No Risk, No Reward

For David Kiger, entrepreneurship is more than a talent – it’s a thrill

There are some people who crave the stability of a traditional job, who ask on the first day how much vacation time they get and punch out at 5:00 on the dot.

David has never been one of them.

After graduating from the University of Alabama, David joined the marketing team at Trammell Crow, a Dallas-based real estate development, investment and operations company. Marketing was fun and challenging, but the wheels in his head were always turning. He quickly discovered that he was consistently distracted by seeing business solutions where others only saw operational problems.

Soon, he realized his interests lay primarily with solving the challenges that small to mid-sized companies faced. His first entrepreneurial venture set out to figure out how businesses with lesser revenue streams could realize the same volume shipping discounts that the giants enjoyed. Why should big business get all the breaks?

So with only $5,000 in his pocket, David founded what eventually became the global logistic company Worldwide Express – the largest logistics company of its kind in the United States. By 2015, WWE boasted system sales exceeding $750 million. David realized he was one of the lucky ones. He’d found not only something he was good at, but something he was passionate about, too. He was off and running.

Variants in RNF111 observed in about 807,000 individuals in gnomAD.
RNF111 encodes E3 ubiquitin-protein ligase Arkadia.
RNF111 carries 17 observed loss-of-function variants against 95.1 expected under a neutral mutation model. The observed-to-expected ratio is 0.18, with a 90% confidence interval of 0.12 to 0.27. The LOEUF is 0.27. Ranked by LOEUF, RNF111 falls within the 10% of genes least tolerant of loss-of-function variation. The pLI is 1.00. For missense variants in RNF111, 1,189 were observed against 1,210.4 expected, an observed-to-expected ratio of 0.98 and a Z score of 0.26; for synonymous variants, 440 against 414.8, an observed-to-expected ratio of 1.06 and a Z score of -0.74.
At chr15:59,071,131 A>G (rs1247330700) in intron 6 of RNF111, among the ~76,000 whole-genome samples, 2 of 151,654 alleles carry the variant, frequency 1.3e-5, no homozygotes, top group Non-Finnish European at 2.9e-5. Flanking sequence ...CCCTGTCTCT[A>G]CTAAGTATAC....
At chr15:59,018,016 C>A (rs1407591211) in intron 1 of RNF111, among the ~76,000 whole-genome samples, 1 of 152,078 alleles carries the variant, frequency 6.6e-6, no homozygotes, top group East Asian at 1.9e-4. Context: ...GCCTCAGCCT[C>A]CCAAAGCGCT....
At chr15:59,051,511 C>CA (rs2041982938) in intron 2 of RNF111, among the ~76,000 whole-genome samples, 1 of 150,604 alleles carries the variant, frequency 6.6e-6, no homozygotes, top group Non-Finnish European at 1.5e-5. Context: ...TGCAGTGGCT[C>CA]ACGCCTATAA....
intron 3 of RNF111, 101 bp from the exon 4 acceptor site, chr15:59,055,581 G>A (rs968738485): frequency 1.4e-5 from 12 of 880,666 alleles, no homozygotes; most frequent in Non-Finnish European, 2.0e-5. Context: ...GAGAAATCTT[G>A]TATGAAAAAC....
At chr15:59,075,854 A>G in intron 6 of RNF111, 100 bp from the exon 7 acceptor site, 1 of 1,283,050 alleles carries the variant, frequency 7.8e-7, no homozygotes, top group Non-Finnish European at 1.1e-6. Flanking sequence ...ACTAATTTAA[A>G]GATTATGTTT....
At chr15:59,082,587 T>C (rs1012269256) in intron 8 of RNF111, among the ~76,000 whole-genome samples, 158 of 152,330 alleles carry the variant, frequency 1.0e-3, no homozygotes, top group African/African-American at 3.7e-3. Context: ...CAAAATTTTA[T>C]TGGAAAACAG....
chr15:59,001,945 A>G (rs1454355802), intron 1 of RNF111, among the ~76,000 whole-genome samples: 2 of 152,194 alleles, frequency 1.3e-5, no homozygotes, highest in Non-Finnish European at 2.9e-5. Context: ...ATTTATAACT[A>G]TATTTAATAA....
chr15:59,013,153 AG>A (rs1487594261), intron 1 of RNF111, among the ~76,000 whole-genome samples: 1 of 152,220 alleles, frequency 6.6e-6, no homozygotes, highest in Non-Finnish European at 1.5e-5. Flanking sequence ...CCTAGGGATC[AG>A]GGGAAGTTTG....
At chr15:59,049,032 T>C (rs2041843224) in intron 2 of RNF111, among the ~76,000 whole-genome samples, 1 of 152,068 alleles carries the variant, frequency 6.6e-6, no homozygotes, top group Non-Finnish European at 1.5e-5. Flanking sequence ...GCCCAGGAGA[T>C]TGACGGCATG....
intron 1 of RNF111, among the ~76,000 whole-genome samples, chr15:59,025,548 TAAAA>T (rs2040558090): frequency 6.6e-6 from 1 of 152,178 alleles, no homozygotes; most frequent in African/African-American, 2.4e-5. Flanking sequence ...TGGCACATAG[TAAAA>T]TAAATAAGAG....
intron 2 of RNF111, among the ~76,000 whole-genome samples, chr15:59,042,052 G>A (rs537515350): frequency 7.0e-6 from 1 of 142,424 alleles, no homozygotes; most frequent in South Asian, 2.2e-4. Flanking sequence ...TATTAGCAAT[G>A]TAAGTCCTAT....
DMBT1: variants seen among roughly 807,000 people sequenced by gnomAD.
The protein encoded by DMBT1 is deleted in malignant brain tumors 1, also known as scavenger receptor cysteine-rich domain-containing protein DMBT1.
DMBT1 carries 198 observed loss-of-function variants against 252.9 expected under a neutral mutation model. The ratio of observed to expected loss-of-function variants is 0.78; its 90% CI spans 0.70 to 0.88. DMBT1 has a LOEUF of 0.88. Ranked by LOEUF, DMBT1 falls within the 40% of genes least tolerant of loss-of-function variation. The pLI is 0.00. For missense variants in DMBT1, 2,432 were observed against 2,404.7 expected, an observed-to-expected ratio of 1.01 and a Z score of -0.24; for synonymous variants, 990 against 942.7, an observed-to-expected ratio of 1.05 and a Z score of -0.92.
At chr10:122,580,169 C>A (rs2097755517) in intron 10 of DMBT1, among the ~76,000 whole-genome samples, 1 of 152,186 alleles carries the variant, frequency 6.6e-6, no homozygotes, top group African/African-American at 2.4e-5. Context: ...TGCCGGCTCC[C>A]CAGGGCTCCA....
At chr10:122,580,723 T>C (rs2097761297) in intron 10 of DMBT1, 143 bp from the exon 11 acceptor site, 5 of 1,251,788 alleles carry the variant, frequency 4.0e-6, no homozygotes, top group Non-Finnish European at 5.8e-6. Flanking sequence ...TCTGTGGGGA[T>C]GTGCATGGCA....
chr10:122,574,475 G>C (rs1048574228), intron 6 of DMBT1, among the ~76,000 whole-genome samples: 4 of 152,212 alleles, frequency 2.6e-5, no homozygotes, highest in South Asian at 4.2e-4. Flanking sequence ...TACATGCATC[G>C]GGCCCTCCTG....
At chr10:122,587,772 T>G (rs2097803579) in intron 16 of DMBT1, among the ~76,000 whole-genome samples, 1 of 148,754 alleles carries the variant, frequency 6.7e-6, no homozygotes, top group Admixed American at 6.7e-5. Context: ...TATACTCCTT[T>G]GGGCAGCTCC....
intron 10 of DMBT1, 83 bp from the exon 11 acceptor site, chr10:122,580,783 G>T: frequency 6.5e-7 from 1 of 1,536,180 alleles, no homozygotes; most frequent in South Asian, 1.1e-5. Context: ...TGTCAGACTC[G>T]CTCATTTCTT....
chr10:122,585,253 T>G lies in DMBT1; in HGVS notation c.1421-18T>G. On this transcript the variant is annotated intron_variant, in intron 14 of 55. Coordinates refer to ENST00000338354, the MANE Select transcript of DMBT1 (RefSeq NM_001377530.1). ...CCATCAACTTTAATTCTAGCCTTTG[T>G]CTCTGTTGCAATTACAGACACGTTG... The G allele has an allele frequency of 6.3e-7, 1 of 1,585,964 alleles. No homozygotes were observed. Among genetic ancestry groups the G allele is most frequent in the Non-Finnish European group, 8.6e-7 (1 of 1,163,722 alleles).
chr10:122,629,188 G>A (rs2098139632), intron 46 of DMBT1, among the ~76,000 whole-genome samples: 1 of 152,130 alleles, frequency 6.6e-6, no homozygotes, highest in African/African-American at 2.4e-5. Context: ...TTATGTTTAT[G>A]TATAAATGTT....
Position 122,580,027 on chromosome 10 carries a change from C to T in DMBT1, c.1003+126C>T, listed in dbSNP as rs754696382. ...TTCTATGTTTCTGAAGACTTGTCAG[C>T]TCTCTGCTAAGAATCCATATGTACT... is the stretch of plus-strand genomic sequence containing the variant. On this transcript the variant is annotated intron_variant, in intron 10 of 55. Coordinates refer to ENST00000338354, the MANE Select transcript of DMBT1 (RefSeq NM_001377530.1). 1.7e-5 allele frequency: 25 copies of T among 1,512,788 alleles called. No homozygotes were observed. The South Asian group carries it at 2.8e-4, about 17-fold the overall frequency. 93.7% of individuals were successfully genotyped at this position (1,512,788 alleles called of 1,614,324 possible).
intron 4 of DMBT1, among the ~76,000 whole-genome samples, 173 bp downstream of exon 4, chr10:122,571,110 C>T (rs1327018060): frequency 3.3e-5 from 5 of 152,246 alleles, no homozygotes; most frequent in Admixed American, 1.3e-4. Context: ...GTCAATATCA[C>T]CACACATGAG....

Today, David sits on the board of several diverse companies, getting his kicks from providing the funding, leadership, and expertise these startups need to thrive. When he’s not crafting roadmaps to entrepreneurial success, he’s devoting his time to learning and teaching. David sits on the board of both the American Film Institute and TED, and he dedicates much of his time and energy to advising and mentoring the brightest business upstarts he can find.

David knows it’s a rare person who can throw everything they have behind turning a “light bulb moment” into a business success story. He knows this because he’s one of those people. He speaks the startup language and gets just as excited about hearing of a potentially revolutionary idea today as he did when he first made the leap into entrepreneurship years ago.

The startup life is risky, high-stakes, and definitely not for everybody. But for David Kiger, it’s the only life there is.